Opinion 05-12

March 10, 2005


Digest:         Under the circumstances, a full-time judge may participate as a speaker or panelist in a Continuing Legal Education program open to all members of the bar sponsored by a for-profit corporation, provided: (1) the judge is not compensated; (2) public comment is not made about any pending or impending proceeding; and (3) the sponsor is not a party in a contested adversarial proceeding presently pending before the judge.


Rule:            22 NYCRR 100.2(C); 100.3(B)(8); 100.4(D)(3). Joint Opinions 96-143 (Vol.XV); 98-121 (Vol. XVII); 99-145 (Vol. XVIII); 00-120 (Vol. XIX); 01-58; 04-15; 04-111; 05-28.


         In Opinion 04-15 this Committee held that a Surrogate (and his/her law department staff) could participate as speakers or panelists in a Continuing Legal Education (“CLE”) program co-sponsored by bar associations, for-profit and not-for-profit corporations, and law firms, where neither the judge nor staff are being compensated and there is adherence to certain limitations by the judge.

         The Surrogate now seeks an opinion as to whether such participation is also permissible where the sole sponsor of the program is a for-profit corporation, i.e., a large investment management firm which is an accredited Continuing Legal Education provider. The judge and the judge’s predecessor have participated in its annual seminar for the past seven years. Neither the judge nor any staff member will be compensated for participating in the program offered to the bar at large.

         The Committee is of the opinion that the fact that the corporation is the sole sponsor of the event does not alter the conclusion reached in Opinion 04-15. The situation presented is virtually identical to what was before the Committee in Opinion 00-120 (Vol. XIX), where the sponsor of the CLE program was a national accounting firm and the judge was to be a speaker on a state trial judges’ panel dealing with intellectual property law. We noted that the judge would not be compensated and that there were no matters involving the sponsor pending in the judge’s court.

         The situations presented in this inquiry, and in Opinions 04-15 and 00-120 (Vol. XIX), are distinguishable from other kinds of educational activities where this Committee concluded that a judge should not participate. In Opinion 98-121 (Vol. XVII), the inquirer was a faculty member of a for-profit paralegal school and taught a regular course as part of the school’s curriculum, thus involving the judge as an “active participant of [a] business entity” in contravention of section 100.4(D)(3) of the Rules Governing Judicial Conduct. In Opinion 01-58, the judge was asked to lecture on trial advocacy to the associates of a law firm, thus lending the prestige of judicial office to support the private interests of the law firm. 22 NYCRR 100.2(C). And in Opinion 04-111, the sponsor of the event was a for-profit corporation engaged in the business of running such programs and the judge would receive an honorarium based on the number of attendees. In the Committee’s view, that arrangement would have made the judge an active participant in a business entity. 1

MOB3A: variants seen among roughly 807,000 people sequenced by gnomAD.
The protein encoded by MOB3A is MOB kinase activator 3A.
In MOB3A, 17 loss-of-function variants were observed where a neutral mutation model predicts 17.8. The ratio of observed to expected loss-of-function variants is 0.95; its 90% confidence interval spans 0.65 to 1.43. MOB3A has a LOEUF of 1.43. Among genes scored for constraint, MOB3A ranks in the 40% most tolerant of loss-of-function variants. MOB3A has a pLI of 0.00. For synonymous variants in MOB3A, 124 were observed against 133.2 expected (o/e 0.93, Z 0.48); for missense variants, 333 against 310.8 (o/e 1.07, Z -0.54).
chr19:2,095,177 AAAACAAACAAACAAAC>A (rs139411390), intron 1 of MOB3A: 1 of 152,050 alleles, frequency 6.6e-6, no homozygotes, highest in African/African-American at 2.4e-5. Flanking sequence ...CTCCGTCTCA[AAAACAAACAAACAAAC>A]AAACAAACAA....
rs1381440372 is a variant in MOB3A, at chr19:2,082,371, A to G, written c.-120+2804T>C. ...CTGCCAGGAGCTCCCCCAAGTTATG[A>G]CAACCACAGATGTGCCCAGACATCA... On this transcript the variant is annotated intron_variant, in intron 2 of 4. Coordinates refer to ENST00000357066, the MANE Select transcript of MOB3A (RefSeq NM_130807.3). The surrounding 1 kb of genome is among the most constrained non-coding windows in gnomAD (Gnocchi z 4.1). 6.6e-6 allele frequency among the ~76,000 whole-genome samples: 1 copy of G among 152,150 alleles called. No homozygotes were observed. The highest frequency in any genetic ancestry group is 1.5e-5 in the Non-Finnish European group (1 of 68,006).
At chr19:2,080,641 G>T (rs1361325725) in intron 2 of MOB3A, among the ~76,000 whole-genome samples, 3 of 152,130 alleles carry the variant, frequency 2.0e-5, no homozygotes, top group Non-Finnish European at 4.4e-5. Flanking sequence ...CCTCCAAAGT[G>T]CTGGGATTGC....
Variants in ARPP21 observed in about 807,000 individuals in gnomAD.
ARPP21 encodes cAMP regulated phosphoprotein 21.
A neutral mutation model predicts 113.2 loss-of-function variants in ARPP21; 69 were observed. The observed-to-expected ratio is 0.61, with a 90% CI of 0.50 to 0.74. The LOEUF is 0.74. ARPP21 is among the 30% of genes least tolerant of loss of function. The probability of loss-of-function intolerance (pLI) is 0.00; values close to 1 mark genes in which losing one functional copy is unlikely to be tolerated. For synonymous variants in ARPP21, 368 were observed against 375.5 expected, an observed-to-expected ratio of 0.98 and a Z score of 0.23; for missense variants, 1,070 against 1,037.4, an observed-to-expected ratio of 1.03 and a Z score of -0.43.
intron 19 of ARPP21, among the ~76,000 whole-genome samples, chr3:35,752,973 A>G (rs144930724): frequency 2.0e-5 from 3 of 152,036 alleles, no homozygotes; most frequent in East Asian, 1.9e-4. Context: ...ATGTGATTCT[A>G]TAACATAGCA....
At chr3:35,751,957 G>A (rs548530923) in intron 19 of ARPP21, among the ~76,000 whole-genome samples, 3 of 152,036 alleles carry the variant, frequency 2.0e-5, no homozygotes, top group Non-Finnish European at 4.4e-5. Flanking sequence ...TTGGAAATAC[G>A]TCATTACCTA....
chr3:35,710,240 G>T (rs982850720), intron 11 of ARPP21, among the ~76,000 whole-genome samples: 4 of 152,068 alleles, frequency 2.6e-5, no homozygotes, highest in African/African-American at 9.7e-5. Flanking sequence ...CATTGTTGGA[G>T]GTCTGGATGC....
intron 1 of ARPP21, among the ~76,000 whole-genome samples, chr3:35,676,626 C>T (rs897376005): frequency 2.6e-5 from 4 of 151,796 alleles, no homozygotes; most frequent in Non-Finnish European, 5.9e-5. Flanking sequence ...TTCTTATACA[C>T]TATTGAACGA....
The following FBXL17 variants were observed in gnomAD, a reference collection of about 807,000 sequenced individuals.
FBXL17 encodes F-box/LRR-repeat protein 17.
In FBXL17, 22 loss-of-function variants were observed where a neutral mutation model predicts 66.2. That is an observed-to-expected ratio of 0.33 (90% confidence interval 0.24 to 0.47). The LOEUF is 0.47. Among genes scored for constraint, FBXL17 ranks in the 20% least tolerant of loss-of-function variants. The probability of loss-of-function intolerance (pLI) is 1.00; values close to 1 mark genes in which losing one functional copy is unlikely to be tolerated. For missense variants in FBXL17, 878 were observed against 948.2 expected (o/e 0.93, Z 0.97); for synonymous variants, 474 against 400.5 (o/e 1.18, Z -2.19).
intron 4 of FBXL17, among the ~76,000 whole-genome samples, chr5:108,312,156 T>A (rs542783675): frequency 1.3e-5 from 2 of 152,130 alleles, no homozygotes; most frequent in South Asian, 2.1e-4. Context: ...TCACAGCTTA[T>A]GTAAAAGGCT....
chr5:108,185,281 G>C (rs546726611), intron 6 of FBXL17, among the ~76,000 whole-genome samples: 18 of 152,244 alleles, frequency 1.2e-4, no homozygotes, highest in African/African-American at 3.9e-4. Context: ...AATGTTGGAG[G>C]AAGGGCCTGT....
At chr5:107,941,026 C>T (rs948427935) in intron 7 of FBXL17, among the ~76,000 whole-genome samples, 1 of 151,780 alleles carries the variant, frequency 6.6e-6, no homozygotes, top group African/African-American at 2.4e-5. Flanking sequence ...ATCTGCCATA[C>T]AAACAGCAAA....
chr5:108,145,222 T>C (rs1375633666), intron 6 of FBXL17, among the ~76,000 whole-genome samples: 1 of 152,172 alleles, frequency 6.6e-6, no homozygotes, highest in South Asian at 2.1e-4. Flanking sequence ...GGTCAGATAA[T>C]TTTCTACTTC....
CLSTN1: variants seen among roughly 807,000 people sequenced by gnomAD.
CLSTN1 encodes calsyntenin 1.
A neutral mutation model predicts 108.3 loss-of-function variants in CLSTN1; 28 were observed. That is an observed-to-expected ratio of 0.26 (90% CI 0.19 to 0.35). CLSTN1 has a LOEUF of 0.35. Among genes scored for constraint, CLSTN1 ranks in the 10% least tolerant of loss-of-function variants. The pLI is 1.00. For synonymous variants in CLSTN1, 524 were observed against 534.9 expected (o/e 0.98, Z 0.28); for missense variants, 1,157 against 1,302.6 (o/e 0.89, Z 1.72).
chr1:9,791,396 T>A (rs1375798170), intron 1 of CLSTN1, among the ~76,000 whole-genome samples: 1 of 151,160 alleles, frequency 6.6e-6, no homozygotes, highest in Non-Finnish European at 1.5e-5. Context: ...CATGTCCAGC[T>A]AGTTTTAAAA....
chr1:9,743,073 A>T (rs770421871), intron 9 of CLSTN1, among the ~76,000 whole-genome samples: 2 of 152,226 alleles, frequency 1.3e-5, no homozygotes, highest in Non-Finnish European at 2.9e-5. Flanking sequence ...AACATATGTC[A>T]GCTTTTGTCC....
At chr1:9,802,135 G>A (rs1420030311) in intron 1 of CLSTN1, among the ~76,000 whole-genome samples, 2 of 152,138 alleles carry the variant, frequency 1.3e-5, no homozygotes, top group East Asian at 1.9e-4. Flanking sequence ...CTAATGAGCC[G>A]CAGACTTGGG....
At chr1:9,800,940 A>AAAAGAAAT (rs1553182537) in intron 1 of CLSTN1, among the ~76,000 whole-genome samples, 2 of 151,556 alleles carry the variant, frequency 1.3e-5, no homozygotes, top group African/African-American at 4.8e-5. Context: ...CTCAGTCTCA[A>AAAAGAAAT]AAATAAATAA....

We do not believe that the non-compensated participation in a single event sponsored by a for-profit entity necessarily makes the judge an active participant in the business of that entity, which in this case is investment management, and in Opinion 00-120 (Vol. XIX), was the profession of accounting. Nor do we believe that the degree of participation amounts to a lending of the prestige of judicial office to advance the private interests of the entity.

         In sum, the judge and staff may participate as speakers or panelists, provided: (1) there is no compensation; (2) public comment is not made about any pending or impending proceeding. 22 NYCRR 100.3(B)(8); and (3) the sponsor is not “a party in a contested, adversarial proceeding that is presently being litigated before the judge.” Opinion 04-15.


1. As held in Joint Opinion 96-43, et al. (Vol.XV) judges may be compensated for authoring treatises and the like for for-profit legal publishing companies, without running afoul of the bar to being an active participant in a business entity since such entities are virtually the only available outlets for the publication of such materials. This is not the situation with Continuing Legal Education programs. Similarly, judges may author works of fiction to be commercially published. Opinions 05-28, 99-145 (Vol. XVIII).